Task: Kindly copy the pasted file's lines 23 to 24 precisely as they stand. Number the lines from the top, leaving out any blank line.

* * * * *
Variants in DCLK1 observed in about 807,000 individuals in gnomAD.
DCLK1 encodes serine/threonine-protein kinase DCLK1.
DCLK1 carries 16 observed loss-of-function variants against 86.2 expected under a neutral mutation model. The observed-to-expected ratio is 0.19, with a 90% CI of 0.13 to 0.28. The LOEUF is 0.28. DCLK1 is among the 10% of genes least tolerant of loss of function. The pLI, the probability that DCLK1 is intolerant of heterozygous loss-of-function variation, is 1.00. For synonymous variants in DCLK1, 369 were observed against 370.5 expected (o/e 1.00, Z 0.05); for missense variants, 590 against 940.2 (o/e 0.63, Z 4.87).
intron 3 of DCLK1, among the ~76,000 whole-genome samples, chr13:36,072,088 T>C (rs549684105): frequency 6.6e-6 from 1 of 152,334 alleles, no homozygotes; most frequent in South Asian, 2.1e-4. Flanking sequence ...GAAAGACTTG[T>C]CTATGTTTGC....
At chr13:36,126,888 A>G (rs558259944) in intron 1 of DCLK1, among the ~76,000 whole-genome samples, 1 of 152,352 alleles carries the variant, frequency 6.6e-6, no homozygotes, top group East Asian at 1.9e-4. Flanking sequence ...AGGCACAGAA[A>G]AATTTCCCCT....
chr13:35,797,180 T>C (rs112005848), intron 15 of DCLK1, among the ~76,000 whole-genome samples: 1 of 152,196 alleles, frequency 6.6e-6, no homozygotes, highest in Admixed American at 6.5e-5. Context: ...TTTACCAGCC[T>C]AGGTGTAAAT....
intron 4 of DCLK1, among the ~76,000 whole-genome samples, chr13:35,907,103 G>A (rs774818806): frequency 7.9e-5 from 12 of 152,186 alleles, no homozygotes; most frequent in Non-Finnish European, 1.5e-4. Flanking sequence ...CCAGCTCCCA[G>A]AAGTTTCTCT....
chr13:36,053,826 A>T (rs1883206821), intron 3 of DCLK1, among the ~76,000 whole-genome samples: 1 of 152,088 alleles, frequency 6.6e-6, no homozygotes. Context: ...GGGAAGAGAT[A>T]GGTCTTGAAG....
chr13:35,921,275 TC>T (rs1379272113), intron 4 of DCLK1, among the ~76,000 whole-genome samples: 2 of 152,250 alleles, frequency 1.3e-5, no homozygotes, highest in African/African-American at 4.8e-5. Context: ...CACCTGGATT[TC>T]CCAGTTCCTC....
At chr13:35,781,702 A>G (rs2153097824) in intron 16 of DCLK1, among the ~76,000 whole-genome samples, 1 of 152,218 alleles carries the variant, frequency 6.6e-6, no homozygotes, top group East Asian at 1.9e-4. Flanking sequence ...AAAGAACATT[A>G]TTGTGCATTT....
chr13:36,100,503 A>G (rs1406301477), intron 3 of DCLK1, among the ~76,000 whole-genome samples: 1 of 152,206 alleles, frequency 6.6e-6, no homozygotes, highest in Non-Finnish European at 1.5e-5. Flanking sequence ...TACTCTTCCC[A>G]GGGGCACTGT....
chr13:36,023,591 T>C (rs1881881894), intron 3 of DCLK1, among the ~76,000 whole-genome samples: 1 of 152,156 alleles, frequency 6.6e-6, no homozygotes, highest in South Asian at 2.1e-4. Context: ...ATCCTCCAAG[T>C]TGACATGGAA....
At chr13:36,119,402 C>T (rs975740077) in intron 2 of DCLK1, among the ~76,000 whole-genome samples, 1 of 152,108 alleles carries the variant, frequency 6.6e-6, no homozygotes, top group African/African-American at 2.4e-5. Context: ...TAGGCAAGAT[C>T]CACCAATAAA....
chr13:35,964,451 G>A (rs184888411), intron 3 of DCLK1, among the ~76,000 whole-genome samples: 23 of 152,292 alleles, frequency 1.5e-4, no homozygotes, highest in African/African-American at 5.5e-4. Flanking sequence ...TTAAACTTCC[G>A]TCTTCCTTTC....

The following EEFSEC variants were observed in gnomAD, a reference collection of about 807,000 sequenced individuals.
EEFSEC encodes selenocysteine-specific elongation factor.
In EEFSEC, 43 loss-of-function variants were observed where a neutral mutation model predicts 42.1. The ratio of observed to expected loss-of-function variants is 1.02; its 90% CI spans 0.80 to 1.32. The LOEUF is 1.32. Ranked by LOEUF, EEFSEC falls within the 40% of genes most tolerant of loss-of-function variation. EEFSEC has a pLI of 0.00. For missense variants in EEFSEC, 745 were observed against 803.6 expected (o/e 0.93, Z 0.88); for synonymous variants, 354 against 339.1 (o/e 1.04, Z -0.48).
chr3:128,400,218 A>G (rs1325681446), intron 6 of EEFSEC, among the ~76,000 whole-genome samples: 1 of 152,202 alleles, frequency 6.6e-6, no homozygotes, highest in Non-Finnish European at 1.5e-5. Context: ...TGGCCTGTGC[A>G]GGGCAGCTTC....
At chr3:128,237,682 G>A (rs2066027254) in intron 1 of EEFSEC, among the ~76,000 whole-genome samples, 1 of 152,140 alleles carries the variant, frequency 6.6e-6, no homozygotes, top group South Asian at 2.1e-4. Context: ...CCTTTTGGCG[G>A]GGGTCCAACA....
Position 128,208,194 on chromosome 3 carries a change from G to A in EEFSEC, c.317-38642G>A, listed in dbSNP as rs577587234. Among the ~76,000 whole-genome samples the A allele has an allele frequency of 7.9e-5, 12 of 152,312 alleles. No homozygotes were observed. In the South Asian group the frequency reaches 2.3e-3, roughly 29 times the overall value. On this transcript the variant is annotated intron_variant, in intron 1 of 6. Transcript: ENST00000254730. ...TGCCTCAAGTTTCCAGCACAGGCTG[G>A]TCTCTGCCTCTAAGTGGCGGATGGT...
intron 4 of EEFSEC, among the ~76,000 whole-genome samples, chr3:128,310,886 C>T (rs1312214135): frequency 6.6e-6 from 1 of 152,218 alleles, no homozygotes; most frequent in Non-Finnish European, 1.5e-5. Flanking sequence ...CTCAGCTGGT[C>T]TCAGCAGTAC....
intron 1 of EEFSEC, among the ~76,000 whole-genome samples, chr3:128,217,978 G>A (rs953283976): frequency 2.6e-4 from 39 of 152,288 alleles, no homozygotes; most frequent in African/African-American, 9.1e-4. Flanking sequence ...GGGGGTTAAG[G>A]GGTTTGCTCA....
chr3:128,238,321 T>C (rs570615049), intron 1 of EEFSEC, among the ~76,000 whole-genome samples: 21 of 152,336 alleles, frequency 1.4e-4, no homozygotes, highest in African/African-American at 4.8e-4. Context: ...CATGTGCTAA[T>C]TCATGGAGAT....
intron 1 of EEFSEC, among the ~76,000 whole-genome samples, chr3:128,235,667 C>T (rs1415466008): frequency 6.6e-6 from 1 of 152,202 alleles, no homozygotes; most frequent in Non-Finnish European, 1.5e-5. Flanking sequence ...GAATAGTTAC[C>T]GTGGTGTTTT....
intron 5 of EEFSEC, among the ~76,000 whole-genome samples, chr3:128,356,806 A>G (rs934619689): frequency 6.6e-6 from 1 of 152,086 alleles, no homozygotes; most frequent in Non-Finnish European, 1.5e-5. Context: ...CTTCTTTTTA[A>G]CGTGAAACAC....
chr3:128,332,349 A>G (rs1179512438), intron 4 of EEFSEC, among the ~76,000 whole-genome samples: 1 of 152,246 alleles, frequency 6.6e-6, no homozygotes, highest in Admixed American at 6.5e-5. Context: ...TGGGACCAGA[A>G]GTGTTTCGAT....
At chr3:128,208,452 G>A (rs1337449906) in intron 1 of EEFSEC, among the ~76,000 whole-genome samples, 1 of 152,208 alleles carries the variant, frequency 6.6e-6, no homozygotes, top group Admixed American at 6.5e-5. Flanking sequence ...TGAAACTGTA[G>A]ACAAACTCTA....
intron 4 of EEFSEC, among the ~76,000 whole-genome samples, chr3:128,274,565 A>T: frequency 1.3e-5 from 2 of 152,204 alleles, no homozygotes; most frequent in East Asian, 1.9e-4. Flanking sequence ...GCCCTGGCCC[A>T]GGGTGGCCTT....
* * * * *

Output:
chr3:128,238,321 T>C (rs570615049), intron 1 of EEFSEC, among the ~76,000 whole-genome samples: 21 of 152,336 alleles, frequency 1.4e-4, no homozygotes, highest in African/African-American at 4.8e-4. Context: ...CATGTGCTAA[T>C]TCATGGAGAT....
intron 1 of EEFSEC, among the ~76,000 whole-genome samples, chr3:128,235,667 C>T (rs1415466008): frequency 6.6e-6 from 1 of 152,202 alleles, no homozygotes; most frequent in Non-Finnish European, 1.5e-5. Flanking sequence ...GAATAGTTAC[C>T]GTGGTGTTTT....